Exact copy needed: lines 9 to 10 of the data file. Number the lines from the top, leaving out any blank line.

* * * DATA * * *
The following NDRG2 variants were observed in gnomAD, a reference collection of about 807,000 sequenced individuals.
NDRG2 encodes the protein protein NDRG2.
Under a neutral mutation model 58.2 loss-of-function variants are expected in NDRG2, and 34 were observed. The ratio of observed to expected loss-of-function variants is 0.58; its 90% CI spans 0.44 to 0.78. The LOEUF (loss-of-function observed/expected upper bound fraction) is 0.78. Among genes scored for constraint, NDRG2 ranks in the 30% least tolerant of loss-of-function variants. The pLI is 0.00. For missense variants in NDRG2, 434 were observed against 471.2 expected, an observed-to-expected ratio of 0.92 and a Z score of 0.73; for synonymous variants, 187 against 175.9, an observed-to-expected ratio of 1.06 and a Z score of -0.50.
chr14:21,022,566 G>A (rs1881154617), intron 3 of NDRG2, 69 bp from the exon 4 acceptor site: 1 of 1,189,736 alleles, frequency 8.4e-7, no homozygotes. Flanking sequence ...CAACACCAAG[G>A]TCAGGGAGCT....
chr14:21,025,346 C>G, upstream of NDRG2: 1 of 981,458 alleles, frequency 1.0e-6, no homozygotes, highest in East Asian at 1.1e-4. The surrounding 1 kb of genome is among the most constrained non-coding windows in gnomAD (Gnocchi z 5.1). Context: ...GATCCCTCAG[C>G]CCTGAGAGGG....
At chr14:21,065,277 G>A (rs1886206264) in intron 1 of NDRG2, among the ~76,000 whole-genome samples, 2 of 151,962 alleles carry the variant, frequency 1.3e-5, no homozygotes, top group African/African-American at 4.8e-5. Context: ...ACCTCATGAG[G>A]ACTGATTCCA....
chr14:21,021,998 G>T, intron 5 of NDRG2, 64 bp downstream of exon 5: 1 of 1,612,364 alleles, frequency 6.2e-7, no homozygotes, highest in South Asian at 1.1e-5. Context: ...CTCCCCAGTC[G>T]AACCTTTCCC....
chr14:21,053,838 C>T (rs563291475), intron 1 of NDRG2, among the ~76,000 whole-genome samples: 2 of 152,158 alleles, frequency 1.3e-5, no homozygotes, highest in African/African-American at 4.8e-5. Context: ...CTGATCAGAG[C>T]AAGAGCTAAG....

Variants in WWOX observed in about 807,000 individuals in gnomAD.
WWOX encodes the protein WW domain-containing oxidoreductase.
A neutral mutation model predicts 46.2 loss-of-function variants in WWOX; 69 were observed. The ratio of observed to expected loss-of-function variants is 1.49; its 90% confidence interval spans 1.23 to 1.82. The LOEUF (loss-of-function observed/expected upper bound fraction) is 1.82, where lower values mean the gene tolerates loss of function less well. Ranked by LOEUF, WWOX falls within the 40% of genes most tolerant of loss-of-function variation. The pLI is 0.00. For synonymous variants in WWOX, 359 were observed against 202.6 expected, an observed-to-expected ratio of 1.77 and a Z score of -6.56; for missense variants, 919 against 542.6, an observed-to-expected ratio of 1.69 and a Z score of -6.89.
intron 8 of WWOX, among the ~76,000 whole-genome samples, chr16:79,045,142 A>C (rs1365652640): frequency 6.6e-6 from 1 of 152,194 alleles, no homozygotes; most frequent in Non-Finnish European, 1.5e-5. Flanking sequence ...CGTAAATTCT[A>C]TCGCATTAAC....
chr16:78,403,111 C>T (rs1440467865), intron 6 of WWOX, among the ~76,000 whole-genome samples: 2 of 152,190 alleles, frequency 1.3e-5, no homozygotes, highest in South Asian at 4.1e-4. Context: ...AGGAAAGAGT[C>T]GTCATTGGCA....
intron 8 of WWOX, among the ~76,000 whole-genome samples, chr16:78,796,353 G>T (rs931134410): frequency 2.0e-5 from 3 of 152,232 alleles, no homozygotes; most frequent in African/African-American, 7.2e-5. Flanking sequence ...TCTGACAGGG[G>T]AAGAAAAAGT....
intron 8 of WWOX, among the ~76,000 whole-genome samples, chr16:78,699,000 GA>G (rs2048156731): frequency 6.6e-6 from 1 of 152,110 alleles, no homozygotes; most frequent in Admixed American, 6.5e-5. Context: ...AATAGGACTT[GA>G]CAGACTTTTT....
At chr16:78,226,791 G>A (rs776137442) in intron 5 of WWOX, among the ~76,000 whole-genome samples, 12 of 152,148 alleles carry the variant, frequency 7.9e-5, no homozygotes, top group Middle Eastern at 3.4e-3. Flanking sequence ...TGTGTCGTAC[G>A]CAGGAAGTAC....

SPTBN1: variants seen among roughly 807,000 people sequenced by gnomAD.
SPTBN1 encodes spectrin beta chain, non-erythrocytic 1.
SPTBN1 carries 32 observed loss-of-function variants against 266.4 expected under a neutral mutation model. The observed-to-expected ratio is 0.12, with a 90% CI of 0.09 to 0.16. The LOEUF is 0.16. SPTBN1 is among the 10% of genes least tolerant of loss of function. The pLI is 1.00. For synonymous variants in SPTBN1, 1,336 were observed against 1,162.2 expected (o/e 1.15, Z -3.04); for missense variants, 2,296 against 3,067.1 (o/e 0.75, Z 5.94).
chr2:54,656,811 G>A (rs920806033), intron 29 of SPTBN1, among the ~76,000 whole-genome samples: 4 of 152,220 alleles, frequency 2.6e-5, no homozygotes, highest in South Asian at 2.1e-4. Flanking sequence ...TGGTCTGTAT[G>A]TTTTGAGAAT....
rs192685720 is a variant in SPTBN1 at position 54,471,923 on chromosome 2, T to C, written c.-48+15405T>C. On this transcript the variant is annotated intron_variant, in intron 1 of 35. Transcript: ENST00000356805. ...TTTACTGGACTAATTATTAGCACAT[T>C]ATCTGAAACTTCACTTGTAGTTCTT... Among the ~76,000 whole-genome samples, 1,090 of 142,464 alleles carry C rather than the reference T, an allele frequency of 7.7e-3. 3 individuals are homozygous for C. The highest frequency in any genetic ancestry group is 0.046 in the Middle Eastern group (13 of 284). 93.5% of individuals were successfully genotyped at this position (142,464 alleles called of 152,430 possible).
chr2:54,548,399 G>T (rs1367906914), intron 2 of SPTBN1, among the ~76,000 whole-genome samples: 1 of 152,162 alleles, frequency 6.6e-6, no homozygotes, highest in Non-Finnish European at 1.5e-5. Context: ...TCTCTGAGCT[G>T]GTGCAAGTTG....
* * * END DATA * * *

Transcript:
Variants in WWOX observed in about 807,000 individuals in gnomAD.
WWOX encodes the protein WW domain-containing oxidoreductase.